Do You Know Yet What You Want To Be When You Grow Up.../

Grandmothers and old uncles were famous for patting us on the head and posing this question. And at one time in America the answers came easily. Boys wanted to be, in order of preference: President, fireman, policeman, cowboy, Hollywood hero. Girls: Wives, mothers, teachers, Hollywood heroine.

As they say [exactly who “they” are is never defined] It’s complicated.

Not many guys today want to get into the snake pit that is the modern presidency. Firemen and policemen are portrayed as corrupt pensioners stealing from the public trough. Cowboys have lost their status to hedge fund managers and astronauts. As for the girls, choices in their lives have dramatically expanded. Stay-at-home moms are no longer on every girl’s pedestal, as an entire world of careers beckons.

On the upside to this historic shift is choice. Nothing is out-of-the-question, because everything is possible. On the downside is a mountain of choices which can sometimes overwhelm the seeker at the very start of the trip up. Whereas at one time, in a less socially mobile America, one’s place in the sun was fairly well mapped out for us, now WE’VE become the map.

Two glitches to those maps:

* Some young Americans substitute freedom for purpose. Their dreams of who they want to be is…well, not to be anything prescribed by society. These are the dreamers, the seekers, the poets who envision finding their own Walden Pond while the rest of the world spins madly and avariciously out of control. As some of my envious peers grumble: Nice work if you can get it, kid!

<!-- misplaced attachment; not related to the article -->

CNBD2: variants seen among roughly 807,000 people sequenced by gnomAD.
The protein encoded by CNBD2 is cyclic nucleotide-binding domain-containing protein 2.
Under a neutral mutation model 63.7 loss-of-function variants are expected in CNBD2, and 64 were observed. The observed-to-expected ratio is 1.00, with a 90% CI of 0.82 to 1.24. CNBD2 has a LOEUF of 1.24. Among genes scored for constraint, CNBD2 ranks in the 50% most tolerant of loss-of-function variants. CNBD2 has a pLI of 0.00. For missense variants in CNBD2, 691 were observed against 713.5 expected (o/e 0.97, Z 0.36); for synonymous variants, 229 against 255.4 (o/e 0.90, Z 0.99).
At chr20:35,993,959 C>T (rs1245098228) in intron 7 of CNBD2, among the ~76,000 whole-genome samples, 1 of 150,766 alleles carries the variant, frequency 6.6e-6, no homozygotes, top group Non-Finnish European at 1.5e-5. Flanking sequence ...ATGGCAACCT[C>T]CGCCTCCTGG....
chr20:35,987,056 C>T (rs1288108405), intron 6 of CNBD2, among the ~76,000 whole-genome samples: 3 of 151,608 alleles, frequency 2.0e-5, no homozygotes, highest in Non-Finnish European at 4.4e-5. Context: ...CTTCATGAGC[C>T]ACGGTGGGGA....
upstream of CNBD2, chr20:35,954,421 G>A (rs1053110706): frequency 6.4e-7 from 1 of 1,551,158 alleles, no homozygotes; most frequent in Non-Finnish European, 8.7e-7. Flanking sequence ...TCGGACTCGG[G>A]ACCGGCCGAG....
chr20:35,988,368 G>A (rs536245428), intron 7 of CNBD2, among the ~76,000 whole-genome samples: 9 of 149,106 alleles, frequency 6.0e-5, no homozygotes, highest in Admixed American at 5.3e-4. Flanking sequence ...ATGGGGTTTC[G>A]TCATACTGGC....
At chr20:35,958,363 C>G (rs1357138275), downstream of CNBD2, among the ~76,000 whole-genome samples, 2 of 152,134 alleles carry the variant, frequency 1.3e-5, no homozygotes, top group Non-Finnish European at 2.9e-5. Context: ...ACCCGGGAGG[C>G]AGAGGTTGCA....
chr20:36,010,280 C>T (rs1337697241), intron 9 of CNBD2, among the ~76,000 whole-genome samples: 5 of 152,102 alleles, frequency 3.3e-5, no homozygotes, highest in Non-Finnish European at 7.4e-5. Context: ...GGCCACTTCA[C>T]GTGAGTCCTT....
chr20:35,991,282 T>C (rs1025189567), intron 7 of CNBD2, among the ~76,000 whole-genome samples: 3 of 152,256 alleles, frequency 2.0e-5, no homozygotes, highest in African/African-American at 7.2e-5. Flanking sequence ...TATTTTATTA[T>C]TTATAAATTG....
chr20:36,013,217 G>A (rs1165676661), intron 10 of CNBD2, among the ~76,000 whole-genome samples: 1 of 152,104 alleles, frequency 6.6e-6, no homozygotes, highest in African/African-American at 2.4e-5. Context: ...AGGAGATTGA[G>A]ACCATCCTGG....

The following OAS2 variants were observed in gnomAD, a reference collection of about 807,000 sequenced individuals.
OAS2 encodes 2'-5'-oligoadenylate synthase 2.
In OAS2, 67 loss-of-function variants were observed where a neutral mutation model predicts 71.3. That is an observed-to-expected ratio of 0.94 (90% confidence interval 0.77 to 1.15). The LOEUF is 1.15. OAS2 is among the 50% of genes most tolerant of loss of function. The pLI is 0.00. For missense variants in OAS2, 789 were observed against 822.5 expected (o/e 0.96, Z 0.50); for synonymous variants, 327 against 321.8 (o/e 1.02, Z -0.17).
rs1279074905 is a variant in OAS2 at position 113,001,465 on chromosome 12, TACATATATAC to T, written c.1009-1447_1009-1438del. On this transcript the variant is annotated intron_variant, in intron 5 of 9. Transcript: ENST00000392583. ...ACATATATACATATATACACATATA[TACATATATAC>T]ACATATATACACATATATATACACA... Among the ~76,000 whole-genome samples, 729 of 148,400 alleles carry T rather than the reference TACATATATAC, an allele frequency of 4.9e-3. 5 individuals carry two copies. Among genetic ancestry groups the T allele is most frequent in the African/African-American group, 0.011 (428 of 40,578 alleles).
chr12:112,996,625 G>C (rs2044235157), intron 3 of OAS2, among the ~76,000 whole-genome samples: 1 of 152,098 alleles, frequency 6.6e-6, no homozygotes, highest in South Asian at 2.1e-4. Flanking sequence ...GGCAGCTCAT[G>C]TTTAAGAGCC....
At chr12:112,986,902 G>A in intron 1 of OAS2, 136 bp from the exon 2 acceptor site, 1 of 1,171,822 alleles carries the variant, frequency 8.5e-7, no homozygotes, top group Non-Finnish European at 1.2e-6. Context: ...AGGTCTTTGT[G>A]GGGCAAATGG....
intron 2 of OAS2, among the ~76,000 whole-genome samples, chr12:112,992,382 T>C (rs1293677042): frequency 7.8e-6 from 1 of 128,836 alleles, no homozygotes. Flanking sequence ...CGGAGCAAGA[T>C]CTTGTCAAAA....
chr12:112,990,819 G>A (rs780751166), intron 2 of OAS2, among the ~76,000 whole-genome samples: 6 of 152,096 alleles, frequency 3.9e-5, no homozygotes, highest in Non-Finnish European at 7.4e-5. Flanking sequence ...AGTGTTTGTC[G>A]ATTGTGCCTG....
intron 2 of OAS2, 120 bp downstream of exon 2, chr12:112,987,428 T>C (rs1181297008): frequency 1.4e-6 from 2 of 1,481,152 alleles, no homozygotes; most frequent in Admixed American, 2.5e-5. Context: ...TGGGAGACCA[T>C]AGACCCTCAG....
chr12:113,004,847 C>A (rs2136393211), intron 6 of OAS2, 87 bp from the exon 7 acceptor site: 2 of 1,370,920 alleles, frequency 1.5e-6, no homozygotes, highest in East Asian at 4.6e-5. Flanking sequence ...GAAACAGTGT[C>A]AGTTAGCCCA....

* Then there are some young Americans who have hitched their wagon of dreams to the star of science. I’ve heard them explain it won’t be long until science finds a cure for death. At a time of their choosing, their preserved brains will be attached to robotic bodies for life ever after!

What a world…! What an age…! What will grandmothers and old uncles be asking then…?

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  • I thought we had a cure for death. Heaven.

  • I can't top that...!!!

  • This Geezer has found his close approximation to 'heaven' ... a small quite spot ... far from "The Wars" ... It is not 'Walden' but rather 'Weldon' ... though Thoreau has inspired much for us we truthfully admit that we are of a like 'substance' to our peers ... a 'common' garden variety without terminal uniqueness ... and happy in the fact .... We rejoice that we also read the book of Ecclesiastes and saw that it to referred to the benefits of taking solace in a 'Quiet Spot' and with the lot we had ... with the woman we love ...

  • In reply to Geezer:

    Now you see, when I read something like this and know it to be true right down to my soul, I have but one troubling regret. The younger anyone is, the lesser their grasp of these words. Which, upon reflection, may be exactly the way it was meant to be. For -- contrary to Mr Shaw -- perhaps youth is NOT wasted on the young. Perhaps they need to remain young and innocent for awhile before grasping these words in all their implications

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